Focal points for Good Friday and Easter

Lovely creation using cloth: black symbolising death and white symbolising the righteousness of God.

I must admit to feeling regret that this year I had not paid as much attention to Lent and Holy Week, particularly Good Friday and Easter. I sighed and felt drawn to some of the pictures I received on WhatsApp. These are pictures that demonstrated careful attention to aesthetics in worship. These arrangements inspires us to draw near to Jesus. They seem to draw us towards greater devotion and adoration because they point us to a pivotal turning point in salvation history. They point us to God we can relate to easily and who gives us hope: a suffering and victorious God.

Easter – the risen Christ carrying us on His shoulders

The traditional churches are much better at this. There is something we can learn from them. In the liturgical calendar these would be the high points of the year, requiring much preparation and inspiring longing and anticipation. It could be viewed as an annual corporate means of grace for renewal. The repentance and prayerful devotion of Lent, leading to meditation on the passion of our Lord, will lead us to humble ourselves and renew our first love for Jesus. And Easter is when we allow the resurrection power to revive us afresh to new life. 

Good Friday: For God so loved the world He gave us His Son!

Above are some of the beautiful arrangements of worship focal points in the main sanctuaries or other halls. They are all from the Evangelical Sisterhood of Mary branch in Australia. How lovely  are Thy dwelling places!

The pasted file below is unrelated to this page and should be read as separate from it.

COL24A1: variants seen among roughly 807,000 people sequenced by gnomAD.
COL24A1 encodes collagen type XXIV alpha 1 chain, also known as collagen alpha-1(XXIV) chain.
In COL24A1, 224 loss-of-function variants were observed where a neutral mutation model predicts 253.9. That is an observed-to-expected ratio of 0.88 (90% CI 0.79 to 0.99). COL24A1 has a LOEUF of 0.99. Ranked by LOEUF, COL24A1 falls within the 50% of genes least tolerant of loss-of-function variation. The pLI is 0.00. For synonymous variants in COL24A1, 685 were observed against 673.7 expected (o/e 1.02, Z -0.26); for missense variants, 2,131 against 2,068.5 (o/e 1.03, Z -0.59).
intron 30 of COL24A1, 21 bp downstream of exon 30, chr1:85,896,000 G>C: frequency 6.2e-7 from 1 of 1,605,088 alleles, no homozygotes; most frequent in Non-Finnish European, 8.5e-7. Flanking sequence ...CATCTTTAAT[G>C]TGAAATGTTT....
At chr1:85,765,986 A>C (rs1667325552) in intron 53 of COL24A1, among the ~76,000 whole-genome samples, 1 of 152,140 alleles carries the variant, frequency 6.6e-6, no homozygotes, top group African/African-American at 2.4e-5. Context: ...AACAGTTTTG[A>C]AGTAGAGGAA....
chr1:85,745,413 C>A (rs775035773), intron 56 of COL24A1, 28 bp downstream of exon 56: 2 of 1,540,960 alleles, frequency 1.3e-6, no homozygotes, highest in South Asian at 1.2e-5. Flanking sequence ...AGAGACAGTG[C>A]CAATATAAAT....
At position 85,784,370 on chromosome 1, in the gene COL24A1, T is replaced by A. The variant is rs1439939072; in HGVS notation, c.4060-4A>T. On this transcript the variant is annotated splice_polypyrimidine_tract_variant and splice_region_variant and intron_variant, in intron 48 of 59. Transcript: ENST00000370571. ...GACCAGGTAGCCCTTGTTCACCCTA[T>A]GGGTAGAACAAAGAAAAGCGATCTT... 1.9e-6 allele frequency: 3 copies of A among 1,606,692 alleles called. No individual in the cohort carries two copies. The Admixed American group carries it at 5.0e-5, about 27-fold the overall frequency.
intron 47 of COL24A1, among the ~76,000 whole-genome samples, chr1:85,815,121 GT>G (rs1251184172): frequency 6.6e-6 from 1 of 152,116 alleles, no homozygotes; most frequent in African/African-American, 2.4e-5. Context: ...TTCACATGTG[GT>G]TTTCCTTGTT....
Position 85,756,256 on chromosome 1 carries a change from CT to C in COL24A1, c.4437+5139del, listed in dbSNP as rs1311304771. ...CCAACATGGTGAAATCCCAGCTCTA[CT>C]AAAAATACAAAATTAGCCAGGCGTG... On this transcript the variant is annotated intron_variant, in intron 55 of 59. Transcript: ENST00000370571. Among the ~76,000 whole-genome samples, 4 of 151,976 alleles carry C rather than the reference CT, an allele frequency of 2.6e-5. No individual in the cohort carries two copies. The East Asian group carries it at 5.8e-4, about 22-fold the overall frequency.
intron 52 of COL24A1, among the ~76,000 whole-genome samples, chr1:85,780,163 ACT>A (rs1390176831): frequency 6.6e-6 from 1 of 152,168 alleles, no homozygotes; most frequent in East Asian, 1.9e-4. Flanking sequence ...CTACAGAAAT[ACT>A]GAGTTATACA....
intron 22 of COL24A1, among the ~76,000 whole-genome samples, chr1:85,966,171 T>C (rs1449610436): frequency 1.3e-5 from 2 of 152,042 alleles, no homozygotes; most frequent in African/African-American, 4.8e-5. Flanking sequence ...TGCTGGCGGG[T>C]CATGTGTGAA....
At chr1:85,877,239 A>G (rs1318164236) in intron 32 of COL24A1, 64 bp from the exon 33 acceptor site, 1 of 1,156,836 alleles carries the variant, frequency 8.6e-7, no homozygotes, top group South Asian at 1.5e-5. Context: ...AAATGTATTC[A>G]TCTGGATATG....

(Photo Credits: Juyoung )

PREACHING A SERIES ON OUR PENTECOSTAL DISTINCTIVE

Missing from Pentecostal pulpits

It is not uncommon for Pentecostal churches to shelve preaching on Pentecostal distinctives as they seek relevance with a contemporary audience. Addressing felt relational, emotional and felt needs of church members take priority over church’s distinctives. This can happen because the Pentecostal doctrine of baptism of the Holy Spirit can be an offence to today’s young adults. Yet it must be talked about or we will lose our heritage, our identity and one of God’s greatest gift to his church and his greatest resource to reaching the world for Christ.

The Baptism of the Holy Spirit

I announced and planned a series on the Holy Spirit. I initially planned something that began with the works that the Holy Spirit would do according to the teaching of Jesus in John 14-16, and then talk about the Baptism of the Spirit, and finally a session on Speaking in Tongues.

However, as I proceeded to prepare, with the Lord’s influence, it began to be (1) The Baptism of the Holy Spirit, covering the five incidents in Acts when the Spirit was poured out as initiation experiences/encounters. After feedback from members, newbies and mature ones, I slowed down and stayed with Acts 2 the Day of Pentecost and drew most of my observations and conclusions from Acts chapter 2, after painting a picture of what happened there, giving the Bible background of the passage. I also brought in two persons, one of mature age, and another younger person to share their experiences of being baptized with the Holy Spirit and how the gift of tongues had blessed them.